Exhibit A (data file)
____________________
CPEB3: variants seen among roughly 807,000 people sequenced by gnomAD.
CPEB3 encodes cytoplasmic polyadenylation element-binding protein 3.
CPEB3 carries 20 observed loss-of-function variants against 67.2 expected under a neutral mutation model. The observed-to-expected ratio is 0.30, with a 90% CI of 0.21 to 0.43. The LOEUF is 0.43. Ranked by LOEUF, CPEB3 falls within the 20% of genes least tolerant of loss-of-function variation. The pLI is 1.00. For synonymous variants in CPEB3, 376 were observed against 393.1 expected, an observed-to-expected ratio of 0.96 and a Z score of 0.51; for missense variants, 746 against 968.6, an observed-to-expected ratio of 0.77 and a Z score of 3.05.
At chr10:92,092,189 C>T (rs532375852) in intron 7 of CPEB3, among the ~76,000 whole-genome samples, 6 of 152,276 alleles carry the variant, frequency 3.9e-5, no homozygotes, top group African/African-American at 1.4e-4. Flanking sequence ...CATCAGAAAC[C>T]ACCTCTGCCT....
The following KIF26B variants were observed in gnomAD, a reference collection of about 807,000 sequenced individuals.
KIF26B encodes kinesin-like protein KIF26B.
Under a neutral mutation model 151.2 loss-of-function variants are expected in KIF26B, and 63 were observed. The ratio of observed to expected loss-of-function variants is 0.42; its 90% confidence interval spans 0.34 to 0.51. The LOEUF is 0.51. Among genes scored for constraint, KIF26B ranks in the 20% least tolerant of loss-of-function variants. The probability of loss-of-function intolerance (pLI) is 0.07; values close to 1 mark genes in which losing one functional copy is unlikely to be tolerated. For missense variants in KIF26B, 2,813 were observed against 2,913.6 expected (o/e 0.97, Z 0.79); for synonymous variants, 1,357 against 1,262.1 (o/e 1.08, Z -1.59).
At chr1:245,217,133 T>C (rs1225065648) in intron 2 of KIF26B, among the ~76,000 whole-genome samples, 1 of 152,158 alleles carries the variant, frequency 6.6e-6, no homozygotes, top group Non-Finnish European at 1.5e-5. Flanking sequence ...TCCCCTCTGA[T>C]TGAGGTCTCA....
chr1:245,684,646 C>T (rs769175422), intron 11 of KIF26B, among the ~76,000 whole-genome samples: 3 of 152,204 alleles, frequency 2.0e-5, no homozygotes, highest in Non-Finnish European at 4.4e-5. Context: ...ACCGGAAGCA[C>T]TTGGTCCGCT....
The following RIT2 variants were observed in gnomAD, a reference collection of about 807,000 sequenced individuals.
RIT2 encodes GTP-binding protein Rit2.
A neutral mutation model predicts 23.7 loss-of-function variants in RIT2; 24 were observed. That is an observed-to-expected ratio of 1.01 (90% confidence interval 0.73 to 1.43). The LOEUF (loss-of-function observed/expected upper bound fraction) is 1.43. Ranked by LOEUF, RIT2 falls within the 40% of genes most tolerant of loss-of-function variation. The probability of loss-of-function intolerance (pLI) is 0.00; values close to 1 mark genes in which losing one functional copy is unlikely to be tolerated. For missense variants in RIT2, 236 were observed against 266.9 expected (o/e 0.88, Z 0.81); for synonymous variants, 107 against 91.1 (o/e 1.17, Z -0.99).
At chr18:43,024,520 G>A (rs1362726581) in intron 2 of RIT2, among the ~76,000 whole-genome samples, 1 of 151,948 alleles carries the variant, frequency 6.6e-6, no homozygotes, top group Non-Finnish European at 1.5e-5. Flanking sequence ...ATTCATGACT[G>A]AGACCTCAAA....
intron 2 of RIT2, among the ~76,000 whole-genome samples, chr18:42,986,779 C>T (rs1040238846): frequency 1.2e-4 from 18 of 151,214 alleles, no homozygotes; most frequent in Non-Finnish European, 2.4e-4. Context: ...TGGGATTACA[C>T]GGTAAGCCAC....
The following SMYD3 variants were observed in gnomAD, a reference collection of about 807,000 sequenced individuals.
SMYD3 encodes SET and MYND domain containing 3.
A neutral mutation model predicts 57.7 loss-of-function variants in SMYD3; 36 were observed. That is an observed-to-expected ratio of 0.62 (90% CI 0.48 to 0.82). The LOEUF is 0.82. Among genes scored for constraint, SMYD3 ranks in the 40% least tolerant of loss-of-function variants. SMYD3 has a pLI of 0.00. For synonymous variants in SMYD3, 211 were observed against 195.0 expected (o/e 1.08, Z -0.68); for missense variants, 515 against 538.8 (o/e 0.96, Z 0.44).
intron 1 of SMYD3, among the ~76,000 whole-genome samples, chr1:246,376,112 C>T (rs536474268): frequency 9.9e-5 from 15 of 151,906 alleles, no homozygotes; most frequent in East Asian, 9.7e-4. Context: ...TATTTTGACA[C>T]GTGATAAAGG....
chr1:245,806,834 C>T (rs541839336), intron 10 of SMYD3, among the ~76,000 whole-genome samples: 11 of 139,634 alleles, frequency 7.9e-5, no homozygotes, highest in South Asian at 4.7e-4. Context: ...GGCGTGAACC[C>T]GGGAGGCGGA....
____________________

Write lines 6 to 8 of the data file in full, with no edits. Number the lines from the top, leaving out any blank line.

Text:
KIF26B encodes kinesin-like protein KIF26B.
Under a neutral mutation model 151.2 loss-of-function variants are expected in KIF26B, and 63 were observed. The ratio of observed to expected loss-of-function variants is 0.42; its 90% confidence interval spans 0.34 to 0.51. The LOEUF is 0.51. Among genes scored for constraint, KIF26B ranks in the 20% least tolerant of loss-of-function variants. The probability of loss-of-function intolerance (pLI) is 0.07; values close to 1 mark genes in which losing one functional copy is unlikely to be tolerated. For missense variants in KIF26B, 2,813 were observed against 2,913.6 expected (o/e 0.97, Z 0.79); for synonymous variants, 1,357 against 1,262.1 (o/e 1.08, Z -1.59).
At chr1:245,217,133 T>C (rs1225065648) in intron 2 of KIF26B, among the ~76,000 whole-genome samples, 1 of 152,158 alleles carries the variant, frequency 6.6e-6, no homozygotes, top group Non-Finnish European at 1.5e-5. Flanking sequence ...TCCCCTCTGA[T>C]TGAGGTCTCA....